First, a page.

Starting off the year as a professional “in transition” might surely be classified as a life event that qualifies for the “dashed hopes” category. Honestly? It’s not necessarily a chapter you wanted to write. But, the journey is still going forward. Yes, you are only human. You are entitled to the angst that accompanies unemployment as it stretches like a lonely road before you. I believe I can say with certainty that you never dreamed when you lost your job in 2010, you would still be looking for another in 2011.

So, now for the message that I want you to take away as you read this. I know you’ve still got it! The skills you have on your resume are still in tact. Your executive and professional history is still on record. Your triumphs and achievements are still with you – no one can take them away. Your educational background is still yours to keep forever. Your wisdom about life and work, and their challenges, solutions, and outcomes is still finely honed. Your talents are many, and bring value to your relationships.

You’ve still got it – the ability to make things happen, to generate success, to collaborate, to bring team members to the table for a worthy goal.

The year 2011 is going to be about changes – changes in how we work, how we think, and how we measure success in our lives. It’s going to be a year that starts a process of valuing flexibility and creativity in working styles. You’ll be called upon to work in teams with multiple generations, and diverse talents. You’ll be asked to define the future in new ways, and to change your perspective on the meaning of well-being, a job well-done, and the impact of your life on your  relationships, community, and country.

Susan Howington just released another blog post in her “Fuel The Economy” series. She’s taking a bold perspective on what we can do to help all of you who are unemployed. The bottom line in her message is “We can hire you!” We can hire the unemployed. You’ve all still got it! And you deserve to be working.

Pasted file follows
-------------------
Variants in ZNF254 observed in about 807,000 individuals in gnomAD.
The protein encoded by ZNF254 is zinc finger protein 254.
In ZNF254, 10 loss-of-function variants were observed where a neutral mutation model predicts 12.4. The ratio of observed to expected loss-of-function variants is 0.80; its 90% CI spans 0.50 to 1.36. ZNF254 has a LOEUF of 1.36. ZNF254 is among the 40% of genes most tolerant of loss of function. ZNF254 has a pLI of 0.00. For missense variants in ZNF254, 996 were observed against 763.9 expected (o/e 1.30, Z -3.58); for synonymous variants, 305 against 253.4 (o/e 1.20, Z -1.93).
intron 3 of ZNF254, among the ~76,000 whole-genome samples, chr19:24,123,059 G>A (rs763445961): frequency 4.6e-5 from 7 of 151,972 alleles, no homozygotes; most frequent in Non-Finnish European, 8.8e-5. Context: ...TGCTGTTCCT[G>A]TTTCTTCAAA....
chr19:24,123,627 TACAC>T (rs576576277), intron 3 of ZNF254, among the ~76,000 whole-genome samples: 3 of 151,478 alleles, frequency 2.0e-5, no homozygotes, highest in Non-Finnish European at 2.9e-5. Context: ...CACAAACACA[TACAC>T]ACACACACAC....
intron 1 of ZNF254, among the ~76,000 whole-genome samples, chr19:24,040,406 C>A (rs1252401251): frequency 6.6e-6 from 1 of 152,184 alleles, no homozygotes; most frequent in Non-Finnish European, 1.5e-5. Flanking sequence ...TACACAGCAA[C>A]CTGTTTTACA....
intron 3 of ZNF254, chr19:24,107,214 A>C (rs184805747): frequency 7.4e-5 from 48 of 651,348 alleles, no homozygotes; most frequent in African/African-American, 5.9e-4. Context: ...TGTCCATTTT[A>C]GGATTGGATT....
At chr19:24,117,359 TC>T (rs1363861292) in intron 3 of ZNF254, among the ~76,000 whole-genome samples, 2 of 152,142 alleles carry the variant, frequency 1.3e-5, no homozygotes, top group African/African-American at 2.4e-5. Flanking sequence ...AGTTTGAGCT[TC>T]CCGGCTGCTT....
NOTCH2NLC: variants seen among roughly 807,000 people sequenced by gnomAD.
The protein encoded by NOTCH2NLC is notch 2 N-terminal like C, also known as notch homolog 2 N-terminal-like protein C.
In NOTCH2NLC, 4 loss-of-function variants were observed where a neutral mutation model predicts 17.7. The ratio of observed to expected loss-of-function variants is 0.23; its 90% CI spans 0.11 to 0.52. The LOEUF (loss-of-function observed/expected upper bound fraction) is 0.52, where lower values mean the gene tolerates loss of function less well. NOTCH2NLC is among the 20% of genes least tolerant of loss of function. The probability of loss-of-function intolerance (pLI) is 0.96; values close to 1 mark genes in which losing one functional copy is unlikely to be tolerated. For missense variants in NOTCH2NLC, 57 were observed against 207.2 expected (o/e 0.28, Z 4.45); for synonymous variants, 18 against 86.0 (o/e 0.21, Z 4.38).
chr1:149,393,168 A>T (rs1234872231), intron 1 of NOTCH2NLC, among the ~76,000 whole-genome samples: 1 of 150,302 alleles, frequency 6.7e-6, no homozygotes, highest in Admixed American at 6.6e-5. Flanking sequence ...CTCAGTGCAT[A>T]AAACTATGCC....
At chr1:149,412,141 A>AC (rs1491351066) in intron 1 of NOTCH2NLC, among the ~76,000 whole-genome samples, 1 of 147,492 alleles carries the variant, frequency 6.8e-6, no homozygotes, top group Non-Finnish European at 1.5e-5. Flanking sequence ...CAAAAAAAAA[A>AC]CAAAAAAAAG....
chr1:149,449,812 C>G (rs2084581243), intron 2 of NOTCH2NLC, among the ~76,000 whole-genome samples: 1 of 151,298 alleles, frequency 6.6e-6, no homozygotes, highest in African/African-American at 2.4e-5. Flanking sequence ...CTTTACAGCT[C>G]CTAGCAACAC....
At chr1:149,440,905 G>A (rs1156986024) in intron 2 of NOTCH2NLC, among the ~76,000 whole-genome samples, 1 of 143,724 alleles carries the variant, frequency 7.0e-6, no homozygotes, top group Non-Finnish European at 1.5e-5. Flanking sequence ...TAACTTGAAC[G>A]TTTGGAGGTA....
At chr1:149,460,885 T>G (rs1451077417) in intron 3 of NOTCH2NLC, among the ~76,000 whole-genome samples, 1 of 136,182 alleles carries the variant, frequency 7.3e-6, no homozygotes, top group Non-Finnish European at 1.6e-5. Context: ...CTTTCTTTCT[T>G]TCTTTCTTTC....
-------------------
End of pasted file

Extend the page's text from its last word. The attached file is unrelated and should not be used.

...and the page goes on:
Keep going! 2011 is just a new chapter in your life. Make it the chapter you’ve always wanted it to be. You’ve done it before – and you’ve still got it!

Di Chapman is the Founder of Words To Your Advantage Speaking and Writing Service; and the Chief Communications Officer and Chief Writer of Power Connections Inc. Executive Outplacement, Career Management and Coaching Service.

Finding Balance at the Speed of Life

October 27, 2010

“There is more to life than increasing its speed.” – Ghandi

Yes, I know I’ve used that quote in my writing many times, but if you’re in transition, losing sleep over the future, negotiating for a new job, or hopeful that an offer is going to be your light at the end of the tunnel, Ghandi’s wisdom bears repeating. I’m reminded of traveling from Paris to Lyon, France, on the TGV high-speed “bullet” train years ago. High above the ground, the train clocked speeds of 125 miles per hour and more. The countryside literally flew by.

Doesn’t it seem like life right now for most of us is a speeding bullet train, with the added uncertainty of the stability of the tracks? We’re speeding faster and faster into an uncertain future, teetering on the rails of life, like a roller coaster dipping and climbing … and we’re holding on tight.

I know all too well of which I speak. I used to be Superwoman! Since summer’s end, though, I’ve been behind in everything – I’m like a hamster on a wheel, squeakily spinning it with as much velocity as I can muster, but to no avail. Yes, I’m moving faster, but the complexity of all of the issues and events of life during this recession have slowed me down mentally and emotionally. I’m “still kicking,” but with less clarity, more confusion, and more of a sense of overwhelm-ment than ever before. Superwoman has flown off the planet, and I’ve been left holding a five-pound bag containing ten pounds of overdue everything: blogging, twittering, phoning, reading, writing … you name it. Stop the world!!! I want to get off!